All Things Georgian relates a tale that would make a riveting historical fiction read: ‘A mysterious stranger in Regency Clerkenwell’https://georgianera.wordpress.com/2019/01/29/who-was-she-a-mysterious-stranger-in-regency-clerkenwell/

Vauxhall Gardens

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An informative look at Vauxhall Gardens in the Regency Period: https://www.regencyhistory.net/2019/01/vauxhall-gardens-in-regency.html

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See the Museum of London exhibitions on Votes for Women before they close: https://www.museumoflondon.org.uk/museum-london/whats-on/votes-women-museum-london?series=Votes%20for%20Women

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Faith sites to visit in Austen’s England: https://brendascox.wordpress.com/2019/01/31/jane-austen-travel-faith-sites-in-austens-england/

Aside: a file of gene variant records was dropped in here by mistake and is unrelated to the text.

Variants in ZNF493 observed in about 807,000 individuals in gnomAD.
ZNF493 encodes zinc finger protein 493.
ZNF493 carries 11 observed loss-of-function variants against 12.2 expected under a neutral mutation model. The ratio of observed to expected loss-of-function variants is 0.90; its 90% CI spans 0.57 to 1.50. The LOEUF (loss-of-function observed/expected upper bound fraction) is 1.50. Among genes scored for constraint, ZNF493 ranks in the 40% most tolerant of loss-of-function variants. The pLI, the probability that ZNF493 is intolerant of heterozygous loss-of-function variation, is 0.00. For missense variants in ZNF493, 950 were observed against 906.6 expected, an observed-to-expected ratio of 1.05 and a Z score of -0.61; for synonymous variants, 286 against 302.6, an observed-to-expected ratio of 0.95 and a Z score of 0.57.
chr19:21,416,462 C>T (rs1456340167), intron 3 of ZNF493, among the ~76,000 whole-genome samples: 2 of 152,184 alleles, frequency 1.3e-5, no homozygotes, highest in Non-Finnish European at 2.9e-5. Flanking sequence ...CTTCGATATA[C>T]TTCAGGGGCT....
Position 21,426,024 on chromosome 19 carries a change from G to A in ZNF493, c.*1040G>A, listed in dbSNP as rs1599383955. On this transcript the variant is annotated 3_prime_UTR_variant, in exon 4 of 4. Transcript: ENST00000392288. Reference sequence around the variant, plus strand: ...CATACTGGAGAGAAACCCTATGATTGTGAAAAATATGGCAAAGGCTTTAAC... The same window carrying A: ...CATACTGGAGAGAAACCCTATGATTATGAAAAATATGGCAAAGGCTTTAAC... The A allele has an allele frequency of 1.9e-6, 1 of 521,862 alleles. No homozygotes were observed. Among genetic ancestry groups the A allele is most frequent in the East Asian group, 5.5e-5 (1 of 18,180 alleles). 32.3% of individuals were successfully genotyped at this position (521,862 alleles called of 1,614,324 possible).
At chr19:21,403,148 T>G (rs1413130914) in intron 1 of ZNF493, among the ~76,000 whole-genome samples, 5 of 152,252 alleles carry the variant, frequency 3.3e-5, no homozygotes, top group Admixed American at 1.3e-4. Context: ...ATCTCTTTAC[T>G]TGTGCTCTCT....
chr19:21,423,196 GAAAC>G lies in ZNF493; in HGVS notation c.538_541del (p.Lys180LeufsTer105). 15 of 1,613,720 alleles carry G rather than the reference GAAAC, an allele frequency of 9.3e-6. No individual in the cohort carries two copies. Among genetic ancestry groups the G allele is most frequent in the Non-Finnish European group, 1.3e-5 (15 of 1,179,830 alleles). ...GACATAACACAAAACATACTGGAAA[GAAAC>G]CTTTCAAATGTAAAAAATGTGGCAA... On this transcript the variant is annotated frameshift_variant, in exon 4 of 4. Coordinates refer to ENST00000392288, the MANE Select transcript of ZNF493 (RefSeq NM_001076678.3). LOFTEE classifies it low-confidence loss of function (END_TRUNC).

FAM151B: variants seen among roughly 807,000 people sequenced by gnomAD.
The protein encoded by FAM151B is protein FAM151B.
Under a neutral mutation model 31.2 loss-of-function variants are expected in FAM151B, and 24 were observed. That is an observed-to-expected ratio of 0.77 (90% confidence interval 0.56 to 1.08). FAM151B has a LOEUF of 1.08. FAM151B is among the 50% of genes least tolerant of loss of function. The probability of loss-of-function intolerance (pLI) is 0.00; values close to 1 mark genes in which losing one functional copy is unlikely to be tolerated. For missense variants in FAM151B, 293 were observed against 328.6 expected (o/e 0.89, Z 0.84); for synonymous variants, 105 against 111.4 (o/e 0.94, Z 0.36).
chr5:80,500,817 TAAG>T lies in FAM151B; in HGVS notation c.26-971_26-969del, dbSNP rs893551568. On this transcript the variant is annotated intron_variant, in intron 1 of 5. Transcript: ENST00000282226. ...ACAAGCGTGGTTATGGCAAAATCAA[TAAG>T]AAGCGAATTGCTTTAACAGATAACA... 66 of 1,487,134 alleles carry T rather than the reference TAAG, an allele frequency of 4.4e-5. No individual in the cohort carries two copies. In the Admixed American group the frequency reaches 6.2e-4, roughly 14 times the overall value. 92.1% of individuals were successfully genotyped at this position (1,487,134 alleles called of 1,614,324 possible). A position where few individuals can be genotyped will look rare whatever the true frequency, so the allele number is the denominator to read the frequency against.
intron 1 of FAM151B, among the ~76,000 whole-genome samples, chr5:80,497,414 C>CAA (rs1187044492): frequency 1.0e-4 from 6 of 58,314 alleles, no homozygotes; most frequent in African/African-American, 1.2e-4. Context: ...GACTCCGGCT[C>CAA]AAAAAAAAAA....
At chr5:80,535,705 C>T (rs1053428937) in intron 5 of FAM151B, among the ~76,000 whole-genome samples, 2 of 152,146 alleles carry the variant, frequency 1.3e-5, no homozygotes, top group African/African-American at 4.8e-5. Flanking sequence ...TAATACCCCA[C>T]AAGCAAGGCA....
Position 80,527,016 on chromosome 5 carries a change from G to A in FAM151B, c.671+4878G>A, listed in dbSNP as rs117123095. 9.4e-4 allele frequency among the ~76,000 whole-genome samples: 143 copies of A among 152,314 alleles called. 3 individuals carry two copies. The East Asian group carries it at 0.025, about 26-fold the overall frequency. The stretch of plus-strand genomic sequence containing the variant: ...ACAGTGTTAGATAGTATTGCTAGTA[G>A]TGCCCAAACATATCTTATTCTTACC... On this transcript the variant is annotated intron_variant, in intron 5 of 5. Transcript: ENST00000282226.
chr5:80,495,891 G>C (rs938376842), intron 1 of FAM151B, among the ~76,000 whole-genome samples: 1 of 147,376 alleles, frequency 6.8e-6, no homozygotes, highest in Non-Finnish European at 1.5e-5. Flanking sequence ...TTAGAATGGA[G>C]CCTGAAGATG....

Heckfield Place – a new luxury getaway in Hampshire, northeast of Basingstoke: https://www.heckfieldplace.com/ – see here for a review: http://bonvivant.co.uk/journal/heckfield-place/ – The room I like best is £2000 / nite…

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For hours of viewing pleasure – Thomas Jefferson’s Library at the Library of Congress:
https://www.loc.gov/exhibits/thomas-jeffersons-library/index.html

A book in Jefferson’s library: The Uncertainly of the Signs of Death… “Because of this book, fear of being buried alive became widespread in the eighteenth and nineteenth centuries, though modern scholars believe it rarely happened.” Good to know…

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Embroidery/Spot motif sampler. Unidentified Maker. circa 1620.

Samplers from the Fitzwilliam Museum: https://www.fitzmuseum.cam.ac.uk/gallery/sampledlives

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Well, this is just plain fascinating – a Victorian literary gentleman, William Sharp, “a Scottish poet, novelist, biographer and editor who in 1893 began to write critically and commercially successful books under the name “Fiona Macleod.” He also corresponded with “her” and you can read these letters here, thanks to OpenBookPublishers [the pdf download is free]: https://www.openbookpublishers.com/product.php/793?793